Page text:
RM: What I look for in any musical staff is an ability to see the musical elements of a show in the context of the grander theatrical design. Since both Mark and Aaron are writers as well as musicians, with them it was always easy. They came to me to give the show a theatrical structure, and they totally understood anything I would try to say to them. Musicians creating a show have to be dramatists. That is a truth that many musicians don’t realize.

 

TS: How did you collaborate with your set designer, Anna Louizos?

RM: Anna Louizos has come up with a brilliant design for Just Jim Dale. When I saw her set design for the first time I was utterly floored by how perfectly she had solved all of the issues of the piece with one stroke. I told her, “Let’s tell everyone that we had repeated meetings and slowly we came to this perfect set so I can take some credit for it.”  But in truth it was all hers. I showed Anna a video of Jim’s show taken at one of his performances at the Long Wharf Theatre in New Haven. I talked about the obligation to keep the set a home for a one-man show while at the same time making everyone realize that it is in fact a totally theatrical evening and not just a concert or a lecture with songs. We talked about Jim’s roots in British music hall, and how music hall is present in one way or another in all of Jim’s work. We talked about the fact that Jim Dale is one of the great stage entertainers who comes alive on a big stage, one of the few entertainers who knows exactly how to control a large audience, and who therefore needs a context that will release him to have the scale that he deserves. We don’t want the set to confine him. I said all of that, and several weeks later Anna produced the set you will soon see—in which she addressed and totally solved every issue. This is the kind of thrill you can get when you have the privilege of working with a world-class artist like Anna Louizos. My advice to young people starting out: get to know the most talented peers you can find and work with them.

 

TS: Is there a particular anecdote or event that you relate to in the play? 

RM: Jim tells a story of being taken to his first show in London, and watching a great comedian do a pratfall and get a giant laugh, and saying to his father “That’s what I want to do.”  I think everyone in the theatre has had a moment like that—when they went to the theatre for the first time and saw the magic, and decided right then, that’s what I want to do.

 

TS:  What are you working on now in addition to Just Jim Dale?

RM: I am working on several new musicals with David Shire, as well as productions every now and then of my shows like Ain’t Misbehavin’. I have also just directed a production of Closer Than Ever in London.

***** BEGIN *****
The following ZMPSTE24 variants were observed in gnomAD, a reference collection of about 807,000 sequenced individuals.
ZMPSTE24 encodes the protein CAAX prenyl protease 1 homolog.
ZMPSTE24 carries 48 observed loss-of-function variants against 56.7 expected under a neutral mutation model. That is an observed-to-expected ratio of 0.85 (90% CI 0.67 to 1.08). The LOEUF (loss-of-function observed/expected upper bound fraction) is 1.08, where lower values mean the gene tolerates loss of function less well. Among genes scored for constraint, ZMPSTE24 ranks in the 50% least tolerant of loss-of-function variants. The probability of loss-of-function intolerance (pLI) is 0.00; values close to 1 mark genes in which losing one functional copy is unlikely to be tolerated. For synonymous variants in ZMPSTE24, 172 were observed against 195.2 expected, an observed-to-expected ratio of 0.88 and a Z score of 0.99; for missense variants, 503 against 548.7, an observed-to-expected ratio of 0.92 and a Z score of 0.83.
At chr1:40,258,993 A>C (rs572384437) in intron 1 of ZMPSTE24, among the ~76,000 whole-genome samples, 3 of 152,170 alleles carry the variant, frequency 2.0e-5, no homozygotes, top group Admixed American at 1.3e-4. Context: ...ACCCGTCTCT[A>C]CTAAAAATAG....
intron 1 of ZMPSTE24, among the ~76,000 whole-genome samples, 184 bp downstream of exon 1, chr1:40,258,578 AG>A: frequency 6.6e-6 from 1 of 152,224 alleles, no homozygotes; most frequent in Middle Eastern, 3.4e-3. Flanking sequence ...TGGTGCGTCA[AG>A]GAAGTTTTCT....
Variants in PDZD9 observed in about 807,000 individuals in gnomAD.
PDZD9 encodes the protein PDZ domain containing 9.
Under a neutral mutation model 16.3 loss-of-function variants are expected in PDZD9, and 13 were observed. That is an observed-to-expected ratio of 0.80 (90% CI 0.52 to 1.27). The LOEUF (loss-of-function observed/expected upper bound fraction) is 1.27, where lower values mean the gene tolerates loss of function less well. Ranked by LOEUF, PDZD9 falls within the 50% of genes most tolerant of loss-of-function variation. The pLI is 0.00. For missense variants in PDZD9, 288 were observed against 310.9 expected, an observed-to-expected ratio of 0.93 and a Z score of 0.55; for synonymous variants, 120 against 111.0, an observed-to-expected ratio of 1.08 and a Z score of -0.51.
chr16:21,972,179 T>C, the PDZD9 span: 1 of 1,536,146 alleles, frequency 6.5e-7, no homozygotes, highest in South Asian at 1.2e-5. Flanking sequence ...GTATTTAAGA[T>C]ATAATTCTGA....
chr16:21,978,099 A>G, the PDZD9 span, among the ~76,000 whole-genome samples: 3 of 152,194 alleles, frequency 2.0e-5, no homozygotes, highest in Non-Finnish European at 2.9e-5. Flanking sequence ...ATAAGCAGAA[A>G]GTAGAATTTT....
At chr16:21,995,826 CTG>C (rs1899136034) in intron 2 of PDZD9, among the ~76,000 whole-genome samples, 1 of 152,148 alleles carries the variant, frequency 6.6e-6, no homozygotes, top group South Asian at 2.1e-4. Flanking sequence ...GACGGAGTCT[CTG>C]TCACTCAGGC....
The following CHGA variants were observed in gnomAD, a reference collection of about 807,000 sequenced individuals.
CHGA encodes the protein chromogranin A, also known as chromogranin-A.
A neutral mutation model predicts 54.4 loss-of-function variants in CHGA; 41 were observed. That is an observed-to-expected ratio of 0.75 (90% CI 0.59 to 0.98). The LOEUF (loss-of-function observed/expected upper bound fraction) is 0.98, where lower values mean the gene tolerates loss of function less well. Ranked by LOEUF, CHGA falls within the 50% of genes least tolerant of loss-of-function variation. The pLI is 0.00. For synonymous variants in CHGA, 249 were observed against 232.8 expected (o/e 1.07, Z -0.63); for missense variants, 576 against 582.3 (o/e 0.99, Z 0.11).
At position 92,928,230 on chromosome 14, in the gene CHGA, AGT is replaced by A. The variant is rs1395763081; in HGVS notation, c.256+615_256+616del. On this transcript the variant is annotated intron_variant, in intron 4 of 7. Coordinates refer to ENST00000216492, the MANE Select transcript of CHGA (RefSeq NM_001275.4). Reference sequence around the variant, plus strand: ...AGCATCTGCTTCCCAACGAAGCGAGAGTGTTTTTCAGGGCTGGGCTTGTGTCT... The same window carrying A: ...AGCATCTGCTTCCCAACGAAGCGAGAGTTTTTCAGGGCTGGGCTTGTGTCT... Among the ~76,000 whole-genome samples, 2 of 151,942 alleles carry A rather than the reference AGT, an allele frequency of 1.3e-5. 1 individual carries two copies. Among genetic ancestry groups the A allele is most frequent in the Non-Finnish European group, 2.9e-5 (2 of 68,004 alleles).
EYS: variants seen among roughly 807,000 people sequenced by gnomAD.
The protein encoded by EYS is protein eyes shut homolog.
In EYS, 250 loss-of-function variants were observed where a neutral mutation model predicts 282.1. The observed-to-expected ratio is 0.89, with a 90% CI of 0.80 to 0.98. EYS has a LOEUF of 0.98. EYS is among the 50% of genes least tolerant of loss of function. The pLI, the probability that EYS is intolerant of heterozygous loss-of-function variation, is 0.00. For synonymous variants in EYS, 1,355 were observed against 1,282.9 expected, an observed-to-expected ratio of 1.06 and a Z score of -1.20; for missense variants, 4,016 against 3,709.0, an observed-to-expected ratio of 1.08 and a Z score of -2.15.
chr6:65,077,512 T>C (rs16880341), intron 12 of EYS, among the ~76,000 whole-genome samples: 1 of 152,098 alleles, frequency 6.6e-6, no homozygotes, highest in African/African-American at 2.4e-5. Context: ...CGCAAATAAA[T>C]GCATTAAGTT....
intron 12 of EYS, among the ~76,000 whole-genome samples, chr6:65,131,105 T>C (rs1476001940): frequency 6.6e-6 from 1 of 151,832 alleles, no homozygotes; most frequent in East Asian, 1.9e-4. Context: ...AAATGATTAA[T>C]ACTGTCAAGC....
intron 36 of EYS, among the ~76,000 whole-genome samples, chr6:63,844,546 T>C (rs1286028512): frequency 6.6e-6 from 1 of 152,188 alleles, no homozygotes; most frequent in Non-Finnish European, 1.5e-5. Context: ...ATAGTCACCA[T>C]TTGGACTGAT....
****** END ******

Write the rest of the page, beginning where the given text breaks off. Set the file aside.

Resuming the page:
Just Jim Dale begins previews at the Laura Pels Theatre May 15. For more information and tickets, please visit our website.


Related Categories:
2013-2014 Season, Just Jim Dale


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Never have I presented a more aptly-titled show than Just Jim Dale, beginning previews this week at the Laura Pels Theatre. Yes, it’s just Jim up there on stage, alone but for a pianist and a stool. But if you think that “just” signifies something small, then you don’t know Jim Dale at all.

Jim was born to be a performer, and as you’ll learn from this incredible show, he is as natural a storyteller as there has ever been. I’ll let Jim tell you himself about his upbringing in the glory days of the British Music Hall, his triumphs as a pop star, his transformation into a musical comedy man, and his unforgettable creation of hundreds of voices for the Harry Potter audiobooks.

What I want to share with you is my personal experience with Jim, a man whom I can tell you without exaggeration basically saved Roundabout thirty years ago. Hugely popular after his successful turn in the musical Barnum, Jim could have done anything he wanted. But in 1984 he agreed to do Peter Nichols’s A Day in the Death of Joe Egg off-Broadway with Roundabout, just as we had been kicked out of our old theatre and were moving into a new one, losing plenty of money along the way. The theatre’s finances were so bad that making payroll each week was an ongoing struggle, and we were only kept afloat by the generosity of one dedicated board member, Chris Yegen. What we needed was a hit show, and Jim Dale gave us one. He and Stockard Channing came together to such stunning effect in Joe Egg that the production became one of the season’s must-see events, quickly moving to Broadway, where it would win this company’s very first Tony Award for Best Revival of a Play. That success put us on solid enough ground that we were able to turn things around for the theatre. It was only my second year with Roundabout, and I will never forget my feeling of gratitude towards Jim for taking a chance on us.

Since that time, Jim has truly become part of the Roundabout family. He would return for another great Peter Nichols piece, Privates on Parade, and later to play the iconic Mr. Peachum in The Threepenny Opera, before gracing Athol Fugard’s The Road to Mecca with his beautiful work just two years ago. I’ve had the privilege of hearing Jim tell jokes and stories many times over his years with Roundabout, and it is a pleasure like no other. They really just don’t make ‘em like Jim anymore, with wide-ranging talent and such utter affection for his audience. I’m thrilled to be able to share this singular experience with you.

As always, I hope that you will share your thoughts with me by emailing artisticoffice@roundabouttheatre.org. Whether you have memories of Jim and his work to share or have feedback on the show itself, I am eager to hear it all.

I look forward to seeing you at the theatre!
Todd Haimes
Artistic Director

 


Related Categories:
2013-2014 Season, From Todd Haimes, Just Jim Dale